“One last question. The areas where the dry creek beds will be built are already eroded into mini creeks when it rains. Since they are in the areas with trees there are some roots exposed here and there. Do you have knowledge on what to do about those? My plan for the creek beds was to be about 6" deep in the middle and two to three feet wide.”

While it is possible to route surface drainage through existing trees, the skills and knowledge needed for success are usually beyond what most homeowners have. I can’t be more specific without the drawing and photos.



James

RJ99 11-11-2009 09:42 AM

Hi,

The work I was doing this last week was in some existing raised beds, building a bench and table, and putting a coat of sealer on some existing wood and decks - so no damage done.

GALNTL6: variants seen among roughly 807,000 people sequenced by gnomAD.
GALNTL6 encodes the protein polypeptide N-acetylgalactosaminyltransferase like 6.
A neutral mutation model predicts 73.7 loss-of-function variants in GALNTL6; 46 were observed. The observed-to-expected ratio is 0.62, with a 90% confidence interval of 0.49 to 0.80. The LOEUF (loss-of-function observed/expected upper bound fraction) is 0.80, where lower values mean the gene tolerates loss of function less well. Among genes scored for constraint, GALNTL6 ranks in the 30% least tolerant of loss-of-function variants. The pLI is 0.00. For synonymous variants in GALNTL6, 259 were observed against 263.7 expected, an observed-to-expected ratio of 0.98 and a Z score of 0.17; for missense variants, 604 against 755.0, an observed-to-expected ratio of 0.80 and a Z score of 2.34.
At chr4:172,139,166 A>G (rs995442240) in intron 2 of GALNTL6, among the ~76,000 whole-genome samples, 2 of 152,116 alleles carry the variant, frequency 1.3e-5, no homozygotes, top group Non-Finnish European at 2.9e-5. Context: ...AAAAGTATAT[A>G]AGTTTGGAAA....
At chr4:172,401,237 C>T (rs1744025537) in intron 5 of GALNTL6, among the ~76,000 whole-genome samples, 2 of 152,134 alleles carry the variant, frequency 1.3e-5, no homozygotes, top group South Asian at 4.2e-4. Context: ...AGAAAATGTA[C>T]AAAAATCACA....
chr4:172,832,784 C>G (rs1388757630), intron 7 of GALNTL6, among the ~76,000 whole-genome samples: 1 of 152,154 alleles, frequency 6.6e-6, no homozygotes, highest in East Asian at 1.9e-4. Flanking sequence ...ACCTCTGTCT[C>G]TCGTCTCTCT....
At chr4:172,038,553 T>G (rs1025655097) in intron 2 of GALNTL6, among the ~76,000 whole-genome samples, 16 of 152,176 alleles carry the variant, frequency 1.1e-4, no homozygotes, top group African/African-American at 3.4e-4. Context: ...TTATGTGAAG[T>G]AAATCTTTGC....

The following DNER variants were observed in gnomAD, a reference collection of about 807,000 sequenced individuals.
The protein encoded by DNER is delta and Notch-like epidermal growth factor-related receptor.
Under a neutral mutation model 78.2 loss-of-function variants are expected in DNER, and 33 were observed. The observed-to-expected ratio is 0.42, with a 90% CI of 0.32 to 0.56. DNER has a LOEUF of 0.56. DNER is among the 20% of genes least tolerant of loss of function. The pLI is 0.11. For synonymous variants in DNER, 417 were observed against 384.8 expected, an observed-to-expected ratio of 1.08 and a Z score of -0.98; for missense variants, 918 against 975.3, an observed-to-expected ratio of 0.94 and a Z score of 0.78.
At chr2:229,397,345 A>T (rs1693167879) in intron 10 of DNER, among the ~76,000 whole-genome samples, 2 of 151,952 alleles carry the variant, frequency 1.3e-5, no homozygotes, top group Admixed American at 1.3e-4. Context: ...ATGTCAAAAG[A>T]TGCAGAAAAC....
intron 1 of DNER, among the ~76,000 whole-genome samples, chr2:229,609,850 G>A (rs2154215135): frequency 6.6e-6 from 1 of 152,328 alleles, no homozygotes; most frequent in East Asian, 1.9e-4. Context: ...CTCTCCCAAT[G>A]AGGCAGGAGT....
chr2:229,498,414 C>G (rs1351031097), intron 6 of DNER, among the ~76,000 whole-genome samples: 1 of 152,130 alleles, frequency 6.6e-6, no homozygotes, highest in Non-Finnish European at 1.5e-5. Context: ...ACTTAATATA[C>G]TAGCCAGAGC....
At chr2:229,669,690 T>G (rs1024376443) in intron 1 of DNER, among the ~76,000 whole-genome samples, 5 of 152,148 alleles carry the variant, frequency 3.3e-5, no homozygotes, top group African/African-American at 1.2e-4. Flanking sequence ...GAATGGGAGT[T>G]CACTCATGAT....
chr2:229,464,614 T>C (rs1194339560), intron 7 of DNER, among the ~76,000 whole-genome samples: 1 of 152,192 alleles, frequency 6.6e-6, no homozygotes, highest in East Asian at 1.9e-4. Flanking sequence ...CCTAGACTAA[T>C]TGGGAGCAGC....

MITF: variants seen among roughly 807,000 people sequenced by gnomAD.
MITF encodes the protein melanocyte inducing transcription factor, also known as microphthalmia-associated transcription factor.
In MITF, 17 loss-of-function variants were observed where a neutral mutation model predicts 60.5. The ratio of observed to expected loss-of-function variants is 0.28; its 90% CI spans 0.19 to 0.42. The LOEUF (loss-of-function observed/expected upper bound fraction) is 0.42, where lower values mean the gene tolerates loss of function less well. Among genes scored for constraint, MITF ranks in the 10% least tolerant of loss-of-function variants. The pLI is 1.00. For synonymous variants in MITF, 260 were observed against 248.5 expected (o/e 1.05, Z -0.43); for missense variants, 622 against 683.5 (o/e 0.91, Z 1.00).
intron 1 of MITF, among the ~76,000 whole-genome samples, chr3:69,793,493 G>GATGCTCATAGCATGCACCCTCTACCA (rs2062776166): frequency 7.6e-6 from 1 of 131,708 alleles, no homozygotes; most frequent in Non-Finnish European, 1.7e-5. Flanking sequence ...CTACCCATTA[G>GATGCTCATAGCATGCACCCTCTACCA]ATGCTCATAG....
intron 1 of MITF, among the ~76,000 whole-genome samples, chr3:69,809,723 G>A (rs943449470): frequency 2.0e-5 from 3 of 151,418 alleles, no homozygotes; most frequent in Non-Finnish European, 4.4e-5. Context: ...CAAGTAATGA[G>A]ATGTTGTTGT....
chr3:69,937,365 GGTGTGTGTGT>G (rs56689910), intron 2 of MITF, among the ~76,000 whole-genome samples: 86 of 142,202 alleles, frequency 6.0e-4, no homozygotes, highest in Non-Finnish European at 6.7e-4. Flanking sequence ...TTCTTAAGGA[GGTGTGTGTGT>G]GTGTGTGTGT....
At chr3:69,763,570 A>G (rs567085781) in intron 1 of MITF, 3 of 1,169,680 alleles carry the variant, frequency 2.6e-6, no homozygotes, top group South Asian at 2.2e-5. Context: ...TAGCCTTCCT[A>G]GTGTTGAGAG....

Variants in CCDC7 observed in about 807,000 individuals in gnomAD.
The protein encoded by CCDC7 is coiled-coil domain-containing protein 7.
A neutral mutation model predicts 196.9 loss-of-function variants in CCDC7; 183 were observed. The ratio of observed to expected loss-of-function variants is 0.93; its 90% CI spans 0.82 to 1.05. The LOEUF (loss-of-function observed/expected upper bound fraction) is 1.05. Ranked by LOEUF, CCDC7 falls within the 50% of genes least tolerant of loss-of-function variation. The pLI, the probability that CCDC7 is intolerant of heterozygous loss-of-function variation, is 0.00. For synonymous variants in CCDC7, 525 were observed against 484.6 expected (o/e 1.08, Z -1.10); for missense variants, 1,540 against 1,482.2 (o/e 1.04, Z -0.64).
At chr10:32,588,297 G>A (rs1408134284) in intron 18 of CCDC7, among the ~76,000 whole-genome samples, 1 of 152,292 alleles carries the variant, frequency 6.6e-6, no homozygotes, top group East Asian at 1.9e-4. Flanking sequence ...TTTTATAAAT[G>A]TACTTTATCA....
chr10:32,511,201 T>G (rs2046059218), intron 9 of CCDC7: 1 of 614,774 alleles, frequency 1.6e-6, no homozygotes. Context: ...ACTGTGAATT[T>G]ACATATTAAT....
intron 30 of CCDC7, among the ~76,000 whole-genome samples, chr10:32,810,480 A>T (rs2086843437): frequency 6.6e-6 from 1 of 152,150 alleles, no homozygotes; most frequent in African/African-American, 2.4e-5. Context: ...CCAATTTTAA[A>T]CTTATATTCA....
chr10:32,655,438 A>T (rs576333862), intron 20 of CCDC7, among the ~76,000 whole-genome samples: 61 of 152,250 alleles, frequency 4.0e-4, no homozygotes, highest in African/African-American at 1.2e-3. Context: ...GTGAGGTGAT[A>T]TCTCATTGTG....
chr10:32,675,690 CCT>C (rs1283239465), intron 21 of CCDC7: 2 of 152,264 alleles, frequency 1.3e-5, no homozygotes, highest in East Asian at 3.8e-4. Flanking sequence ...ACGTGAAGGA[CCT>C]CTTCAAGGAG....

Needing a plan of action is why I posted in the first place... I am an IT program manager professionally and planning and fixing troubled projects are my specialties - so no need to worry about my diving in without the plan! Right now, I am being very conscientious to only do things that will not impact later tasks.

Regarding grass - I think the failure is primarily due to the dogs. My front yard is great! I am researching various ground covers once I have the terracing done, and as mentioned previously - hardscaping for the most run on areas.

I will try to get the drawing in if I can get it into a more readable form. Excel is not much good for drawing. I will also try to get pictures in too.

Thanks again.
RJ